Loved As I Am

Kevin and I sat down at the café in Albany. I felt relieved to see him. I had this annoying itch that I knew only Kevin could scratch and I was determined to get relief. The itch – “BAPTISM.”

The word had been eating at me since Dorynda casually stuck it up on her power point during a typical pre-sermon announcement one Sunday morning. I was half out of my seat as usual – jazzed by Kevin’s talk – but already lost in thoughts of my day. Kevin’s circle of faith – the one we are to aspire to – seemed like Micronesia on the map of the world – a far off exotic unreachable dot.  “BAPTISM” – the word whispered from somewhere within. “BAPTISM” I heard it over and over again in my head. Here it was – the sign I hoped to ignore – the decision I hoped to evade…possibly forever. For a while now I had been having these strange punctuating visions of being dunked and pulled out from a river by a man dressed in white robes. The scene seemed biblical, although I must admit I had never used a bible for anything other than to hold a martini in a hotel room. The visions were in slow motion and seemed visceral. I kept putting them out of my mind; however, when Dorynda put that word on the screen, I got triggered. My mind engaged in an almost schizophrenic conversation. I became flooded with emotions. Could I really be baptized? What the hell is a baptism? My self-deprecating inner voice, smelling a threat to my deeply rooted cynicism and skepticism about anything smelling of religion, took over. I could not ignore it though. An e-mail later and there I was sitting across from Kevin, telling him all the reasons why I should not be baptized.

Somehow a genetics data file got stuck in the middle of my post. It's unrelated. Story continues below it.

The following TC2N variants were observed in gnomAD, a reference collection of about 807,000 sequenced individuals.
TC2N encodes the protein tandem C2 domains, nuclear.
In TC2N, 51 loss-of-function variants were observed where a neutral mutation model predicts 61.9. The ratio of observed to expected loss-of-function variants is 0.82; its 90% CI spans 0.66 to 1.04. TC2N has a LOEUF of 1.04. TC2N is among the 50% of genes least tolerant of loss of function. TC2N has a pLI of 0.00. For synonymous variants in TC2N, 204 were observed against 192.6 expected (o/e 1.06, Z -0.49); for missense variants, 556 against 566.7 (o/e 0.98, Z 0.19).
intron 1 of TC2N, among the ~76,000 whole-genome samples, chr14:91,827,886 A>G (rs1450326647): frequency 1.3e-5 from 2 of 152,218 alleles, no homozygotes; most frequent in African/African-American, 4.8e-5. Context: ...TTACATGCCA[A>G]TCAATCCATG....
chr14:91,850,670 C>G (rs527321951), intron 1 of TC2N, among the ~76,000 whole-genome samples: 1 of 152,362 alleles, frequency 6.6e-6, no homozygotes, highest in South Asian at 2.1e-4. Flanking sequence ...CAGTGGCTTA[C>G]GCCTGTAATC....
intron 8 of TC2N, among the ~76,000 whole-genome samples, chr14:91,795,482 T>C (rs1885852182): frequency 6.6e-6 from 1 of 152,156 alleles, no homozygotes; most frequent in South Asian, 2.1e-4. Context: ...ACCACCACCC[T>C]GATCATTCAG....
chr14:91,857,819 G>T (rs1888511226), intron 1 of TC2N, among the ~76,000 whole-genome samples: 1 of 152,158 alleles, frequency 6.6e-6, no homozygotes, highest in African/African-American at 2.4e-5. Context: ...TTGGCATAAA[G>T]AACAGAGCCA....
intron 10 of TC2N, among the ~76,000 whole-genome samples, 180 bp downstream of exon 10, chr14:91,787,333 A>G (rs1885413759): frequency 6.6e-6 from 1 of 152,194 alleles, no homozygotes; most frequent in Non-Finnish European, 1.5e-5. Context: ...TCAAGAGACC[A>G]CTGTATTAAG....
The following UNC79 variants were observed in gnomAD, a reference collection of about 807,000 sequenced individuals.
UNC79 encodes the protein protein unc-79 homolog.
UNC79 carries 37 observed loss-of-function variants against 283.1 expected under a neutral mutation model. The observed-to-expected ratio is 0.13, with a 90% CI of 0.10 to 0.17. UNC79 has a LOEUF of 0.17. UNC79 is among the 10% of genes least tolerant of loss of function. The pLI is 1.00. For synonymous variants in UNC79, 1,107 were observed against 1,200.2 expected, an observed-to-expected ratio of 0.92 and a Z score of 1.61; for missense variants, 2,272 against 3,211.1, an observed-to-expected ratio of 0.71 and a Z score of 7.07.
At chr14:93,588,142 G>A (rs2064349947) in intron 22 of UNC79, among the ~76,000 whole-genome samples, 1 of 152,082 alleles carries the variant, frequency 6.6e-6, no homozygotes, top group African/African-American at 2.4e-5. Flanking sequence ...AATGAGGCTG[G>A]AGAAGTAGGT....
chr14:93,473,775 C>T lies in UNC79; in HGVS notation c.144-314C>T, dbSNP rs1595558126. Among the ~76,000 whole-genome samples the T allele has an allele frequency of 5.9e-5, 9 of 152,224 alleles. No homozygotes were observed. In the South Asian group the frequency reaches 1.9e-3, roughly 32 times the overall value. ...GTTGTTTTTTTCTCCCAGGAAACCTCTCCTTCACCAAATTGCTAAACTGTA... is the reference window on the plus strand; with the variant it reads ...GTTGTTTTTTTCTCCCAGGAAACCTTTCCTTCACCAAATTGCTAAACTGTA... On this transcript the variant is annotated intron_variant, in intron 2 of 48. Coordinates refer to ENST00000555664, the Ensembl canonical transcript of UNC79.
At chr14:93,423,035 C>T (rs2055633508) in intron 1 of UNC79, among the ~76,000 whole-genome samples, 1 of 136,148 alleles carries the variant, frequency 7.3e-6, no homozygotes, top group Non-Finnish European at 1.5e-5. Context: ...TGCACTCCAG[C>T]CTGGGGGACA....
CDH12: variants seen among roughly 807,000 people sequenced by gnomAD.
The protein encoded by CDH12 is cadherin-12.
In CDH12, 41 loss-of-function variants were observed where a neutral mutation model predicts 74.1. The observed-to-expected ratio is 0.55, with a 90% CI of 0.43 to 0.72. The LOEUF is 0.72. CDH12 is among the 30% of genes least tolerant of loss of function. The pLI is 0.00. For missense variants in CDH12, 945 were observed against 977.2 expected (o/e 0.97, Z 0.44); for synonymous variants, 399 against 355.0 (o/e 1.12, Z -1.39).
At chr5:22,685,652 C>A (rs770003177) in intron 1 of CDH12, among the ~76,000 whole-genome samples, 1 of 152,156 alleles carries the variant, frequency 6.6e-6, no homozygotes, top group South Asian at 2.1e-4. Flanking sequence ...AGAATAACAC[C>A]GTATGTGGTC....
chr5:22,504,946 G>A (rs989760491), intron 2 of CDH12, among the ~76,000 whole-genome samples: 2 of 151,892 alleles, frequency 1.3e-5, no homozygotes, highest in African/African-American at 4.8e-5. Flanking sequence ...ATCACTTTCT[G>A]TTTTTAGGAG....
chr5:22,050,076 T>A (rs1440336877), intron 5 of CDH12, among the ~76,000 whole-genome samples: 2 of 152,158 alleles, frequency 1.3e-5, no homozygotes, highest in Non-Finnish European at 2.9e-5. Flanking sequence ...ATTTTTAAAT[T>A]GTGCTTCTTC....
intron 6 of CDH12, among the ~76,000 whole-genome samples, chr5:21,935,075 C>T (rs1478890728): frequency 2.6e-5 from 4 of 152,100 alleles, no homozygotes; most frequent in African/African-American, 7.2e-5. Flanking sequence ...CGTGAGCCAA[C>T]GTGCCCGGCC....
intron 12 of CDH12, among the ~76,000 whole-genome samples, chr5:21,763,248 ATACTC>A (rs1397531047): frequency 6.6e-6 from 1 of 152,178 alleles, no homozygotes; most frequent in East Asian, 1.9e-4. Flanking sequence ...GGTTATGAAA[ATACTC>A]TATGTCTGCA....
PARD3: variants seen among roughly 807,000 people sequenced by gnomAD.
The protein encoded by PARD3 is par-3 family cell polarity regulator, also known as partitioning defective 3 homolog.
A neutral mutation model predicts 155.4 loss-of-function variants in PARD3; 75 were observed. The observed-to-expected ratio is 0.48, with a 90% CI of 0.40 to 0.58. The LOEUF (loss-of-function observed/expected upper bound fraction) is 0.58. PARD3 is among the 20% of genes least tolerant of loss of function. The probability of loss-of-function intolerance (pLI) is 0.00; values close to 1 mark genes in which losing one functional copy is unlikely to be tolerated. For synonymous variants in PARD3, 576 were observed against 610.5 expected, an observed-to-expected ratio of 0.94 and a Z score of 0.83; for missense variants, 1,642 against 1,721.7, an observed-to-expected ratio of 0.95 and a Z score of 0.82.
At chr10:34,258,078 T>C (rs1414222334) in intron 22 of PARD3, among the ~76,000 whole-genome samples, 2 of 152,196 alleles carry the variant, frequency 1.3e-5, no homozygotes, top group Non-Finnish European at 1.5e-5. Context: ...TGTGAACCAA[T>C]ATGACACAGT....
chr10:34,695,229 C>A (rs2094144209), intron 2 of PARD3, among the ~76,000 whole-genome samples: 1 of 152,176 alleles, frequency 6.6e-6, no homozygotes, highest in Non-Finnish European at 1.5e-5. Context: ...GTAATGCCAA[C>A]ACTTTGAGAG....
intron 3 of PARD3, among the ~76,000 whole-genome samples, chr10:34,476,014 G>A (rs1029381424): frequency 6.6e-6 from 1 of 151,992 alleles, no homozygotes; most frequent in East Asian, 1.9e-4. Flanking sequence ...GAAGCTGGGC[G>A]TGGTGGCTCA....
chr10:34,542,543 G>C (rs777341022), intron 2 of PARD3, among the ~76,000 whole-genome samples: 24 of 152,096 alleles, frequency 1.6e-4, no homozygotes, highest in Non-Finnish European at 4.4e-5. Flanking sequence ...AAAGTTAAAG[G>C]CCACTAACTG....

“Kevin, man, I grew up Jewish.” Kevin’s face didn’t change. “Kevin, I think Jesus was an amazing guy but I can't call him my lord – I don’t even know what that means.” Again, Kevin’s face doesn’t move. “Kevin, while I am a generally a good person, I am often cynical, judgmental, and skeptical. I may never call myself a Christian.” This time, Kevin’s face changes a bit and an inquisitive eyebrow rises.

He asks me, “Why do you want to be baptized?”

“Because,” I say, “I don’t want to be these things anymore. I want renewal. I want to be different, more, faithful, full of love and the desire to serve. I want to reach my full potential, whether it be as a father, romantic partner, professional, or whatever else I am in this life. I want to lift off the weight of all this baggage I’ve been carrying around from my past and be reborn – get a second chance.”

Kevin looks at me with a mischievous glint in his eye. I figured I’ve got him. He is going to tell me he’d sooner baptize a mole rat. Instead, he puts his arm around me, and with the enthusiasm, which I have learned authentically is true Kevin, says something like, “Dude, you are the ideal candidate for a baptism.”

    “Jesus f-ing Christ.” I exclaim to myself.  See, I told you I shouldn’t be baptized. “Kevin, I hope the water doesn’t boil when I step into it.” He chuckled and I left wondering what I had just done, what I would have to do, and how to get out of it.

    Two weeks and 5 unsent e-mails of cancellations to Kevin and Jeanne later, this Jew from Florida, with all his mess, and his hopes, and his big heart, and his desires for a connection with G-D put aside the guilt, the shame, the pain, the self-deprecation, and the trauma of growing up, among other things, the rootless child of children of the holocaust, and stood before this amazing community to be baptized.  I was scared, but I was determined, as I am now, to know the truth – that I am loved just as I am and that within me contains the spark that moved all the great prophets of this universe. When Kevin dunked me in the water and said his prayer, I did not come out free of my Pandora’s box – like Houdini escaping from his chains. However, I am no longer the same person that went into that water. I am changed…how…that remains to be seen. To be continued….

-Jason Insdorf